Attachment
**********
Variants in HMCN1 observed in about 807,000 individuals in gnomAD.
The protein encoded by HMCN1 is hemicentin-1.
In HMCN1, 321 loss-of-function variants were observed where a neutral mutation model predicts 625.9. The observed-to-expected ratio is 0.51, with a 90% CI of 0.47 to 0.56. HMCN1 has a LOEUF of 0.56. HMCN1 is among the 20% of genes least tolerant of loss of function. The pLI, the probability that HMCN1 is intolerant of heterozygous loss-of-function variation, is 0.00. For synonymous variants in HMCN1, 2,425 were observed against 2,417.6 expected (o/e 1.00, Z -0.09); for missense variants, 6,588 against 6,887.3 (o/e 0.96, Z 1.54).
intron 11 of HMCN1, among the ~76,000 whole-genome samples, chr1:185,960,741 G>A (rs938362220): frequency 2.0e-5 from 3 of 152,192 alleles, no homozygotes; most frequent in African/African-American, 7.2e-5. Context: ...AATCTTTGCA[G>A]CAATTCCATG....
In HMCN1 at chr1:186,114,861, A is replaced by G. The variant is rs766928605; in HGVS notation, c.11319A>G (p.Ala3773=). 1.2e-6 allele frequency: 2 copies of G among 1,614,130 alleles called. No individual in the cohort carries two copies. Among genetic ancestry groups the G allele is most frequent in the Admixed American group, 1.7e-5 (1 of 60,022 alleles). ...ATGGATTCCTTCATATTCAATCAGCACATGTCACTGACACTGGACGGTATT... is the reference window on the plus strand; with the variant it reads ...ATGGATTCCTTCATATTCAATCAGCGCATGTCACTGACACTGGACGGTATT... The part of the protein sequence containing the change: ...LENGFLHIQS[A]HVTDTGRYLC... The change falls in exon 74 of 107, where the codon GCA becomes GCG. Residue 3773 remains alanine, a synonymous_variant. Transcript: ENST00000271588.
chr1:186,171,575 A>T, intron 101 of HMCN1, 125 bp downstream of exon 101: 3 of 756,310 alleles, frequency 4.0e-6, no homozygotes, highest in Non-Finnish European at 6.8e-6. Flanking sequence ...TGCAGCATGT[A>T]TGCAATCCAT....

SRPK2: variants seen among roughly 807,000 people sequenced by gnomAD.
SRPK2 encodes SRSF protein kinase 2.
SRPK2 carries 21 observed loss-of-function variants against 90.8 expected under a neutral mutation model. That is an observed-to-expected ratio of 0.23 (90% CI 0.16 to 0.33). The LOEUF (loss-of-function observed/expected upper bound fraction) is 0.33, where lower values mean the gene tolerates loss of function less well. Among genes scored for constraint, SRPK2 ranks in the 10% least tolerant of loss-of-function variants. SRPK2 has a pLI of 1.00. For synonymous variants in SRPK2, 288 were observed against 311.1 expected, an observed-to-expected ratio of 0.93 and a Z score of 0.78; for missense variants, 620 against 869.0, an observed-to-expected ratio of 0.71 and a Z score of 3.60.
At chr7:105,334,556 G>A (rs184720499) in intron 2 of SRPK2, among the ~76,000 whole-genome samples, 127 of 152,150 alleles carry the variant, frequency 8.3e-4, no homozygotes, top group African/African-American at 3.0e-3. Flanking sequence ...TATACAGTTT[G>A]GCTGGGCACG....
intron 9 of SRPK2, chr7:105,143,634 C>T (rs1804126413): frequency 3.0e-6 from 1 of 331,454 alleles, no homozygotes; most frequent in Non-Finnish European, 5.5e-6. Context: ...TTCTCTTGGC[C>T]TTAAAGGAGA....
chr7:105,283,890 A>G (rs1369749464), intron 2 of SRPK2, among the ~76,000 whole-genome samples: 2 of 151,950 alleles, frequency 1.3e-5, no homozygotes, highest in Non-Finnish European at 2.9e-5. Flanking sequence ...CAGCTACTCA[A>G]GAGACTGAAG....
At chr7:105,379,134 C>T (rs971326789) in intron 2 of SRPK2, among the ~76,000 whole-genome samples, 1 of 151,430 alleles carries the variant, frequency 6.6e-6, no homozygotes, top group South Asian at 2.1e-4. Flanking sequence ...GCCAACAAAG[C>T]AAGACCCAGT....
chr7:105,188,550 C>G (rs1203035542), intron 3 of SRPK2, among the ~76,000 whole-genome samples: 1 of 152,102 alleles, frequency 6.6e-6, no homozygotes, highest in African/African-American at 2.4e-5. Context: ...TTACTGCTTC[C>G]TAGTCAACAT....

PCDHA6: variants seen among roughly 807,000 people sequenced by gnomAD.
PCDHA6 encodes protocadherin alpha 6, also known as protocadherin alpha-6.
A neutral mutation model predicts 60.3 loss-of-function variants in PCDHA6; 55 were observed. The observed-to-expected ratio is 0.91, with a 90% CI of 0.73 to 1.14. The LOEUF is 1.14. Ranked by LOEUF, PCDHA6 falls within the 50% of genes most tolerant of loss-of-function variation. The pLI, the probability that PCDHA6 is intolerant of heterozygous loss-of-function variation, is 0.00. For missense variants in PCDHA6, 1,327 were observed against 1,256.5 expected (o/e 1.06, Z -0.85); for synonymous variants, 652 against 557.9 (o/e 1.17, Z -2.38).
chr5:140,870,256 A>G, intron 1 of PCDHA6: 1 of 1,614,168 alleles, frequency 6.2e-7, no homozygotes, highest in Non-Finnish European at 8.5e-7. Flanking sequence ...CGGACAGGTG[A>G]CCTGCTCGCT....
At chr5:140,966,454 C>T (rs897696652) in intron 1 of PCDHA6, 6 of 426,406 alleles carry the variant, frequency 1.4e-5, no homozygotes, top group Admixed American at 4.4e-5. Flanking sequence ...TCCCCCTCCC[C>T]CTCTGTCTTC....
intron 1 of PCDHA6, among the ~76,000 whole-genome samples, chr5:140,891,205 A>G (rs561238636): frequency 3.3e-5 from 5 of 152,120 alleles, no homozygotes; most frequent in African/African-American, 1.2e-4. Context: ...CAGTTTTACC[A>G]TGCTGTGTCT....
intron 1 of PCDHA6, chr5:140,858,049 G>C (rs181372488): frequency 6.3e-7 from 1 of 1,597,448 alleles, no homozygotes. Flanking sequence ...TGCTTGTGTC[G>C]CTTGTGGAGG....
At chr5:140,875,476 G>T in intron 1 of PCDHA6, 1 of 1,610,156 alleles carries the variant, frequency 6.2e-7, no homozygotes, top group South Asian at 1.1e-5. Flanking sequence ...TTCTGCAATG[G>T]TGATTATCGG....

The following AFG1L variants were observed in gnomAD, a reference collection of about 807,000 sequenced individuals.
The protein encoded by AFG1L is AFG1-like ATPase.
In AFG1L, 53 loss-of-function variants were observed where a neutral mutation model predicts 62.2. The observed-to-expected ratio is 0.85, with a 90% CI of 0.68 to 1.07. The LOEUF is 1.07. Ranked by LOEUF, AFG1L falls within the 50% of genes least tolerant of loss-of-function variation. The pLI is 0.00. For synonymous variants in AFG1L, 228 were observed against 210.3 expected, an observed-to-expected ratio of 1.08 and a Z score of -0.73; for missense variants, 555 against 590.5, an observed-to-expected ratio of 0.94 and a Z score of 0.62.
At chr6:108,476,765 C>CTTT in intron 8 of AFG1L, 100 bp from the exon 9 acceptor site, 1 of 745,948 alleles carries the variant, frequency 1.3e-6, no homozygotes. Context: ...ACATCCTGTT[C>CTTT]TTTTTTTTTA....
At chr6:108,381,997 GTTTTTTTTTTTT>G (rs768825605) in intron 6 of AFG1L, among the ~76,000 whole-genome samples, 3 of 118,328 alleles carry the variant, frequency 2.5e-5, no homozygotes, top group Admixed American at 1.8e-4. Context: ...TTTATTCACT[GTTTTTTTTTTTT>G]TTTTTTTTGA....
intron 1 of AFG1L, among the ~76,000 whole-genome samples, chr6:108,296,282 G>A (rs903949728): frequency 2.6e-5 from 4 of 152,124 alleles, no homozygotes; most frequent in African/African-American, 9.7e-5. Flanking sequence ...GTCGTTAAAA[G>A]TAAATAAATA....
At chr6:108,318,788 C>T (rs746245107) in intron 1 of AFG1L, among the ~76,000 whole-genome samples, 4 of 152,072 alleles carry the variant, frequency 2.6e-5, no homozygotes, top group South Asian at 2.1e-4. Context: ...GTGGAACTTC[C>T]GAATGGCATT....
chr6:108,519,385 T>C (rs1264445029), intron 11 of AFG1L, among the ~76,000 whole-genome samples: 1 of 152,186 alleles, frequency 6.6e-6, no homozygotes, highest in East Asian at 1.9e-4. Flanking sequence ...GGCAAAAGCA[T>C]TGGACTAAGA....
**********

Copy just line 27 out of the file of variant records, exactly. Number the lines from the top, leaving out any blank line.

At chr6:108,381,997 GTTTTTTTTTTTT>G (rs768825605) in intron 6 of AFG1L, among the ~76,000 whole-genome samples, 3 of 118,328 alleles carry the variant, frequency 2.5e-5, no homozygotes, top group Admixed American at 1.8e-4. Context: ...TTTATTCACT[GTTTTTTTTTTTT>G]TTTTTTTTGA....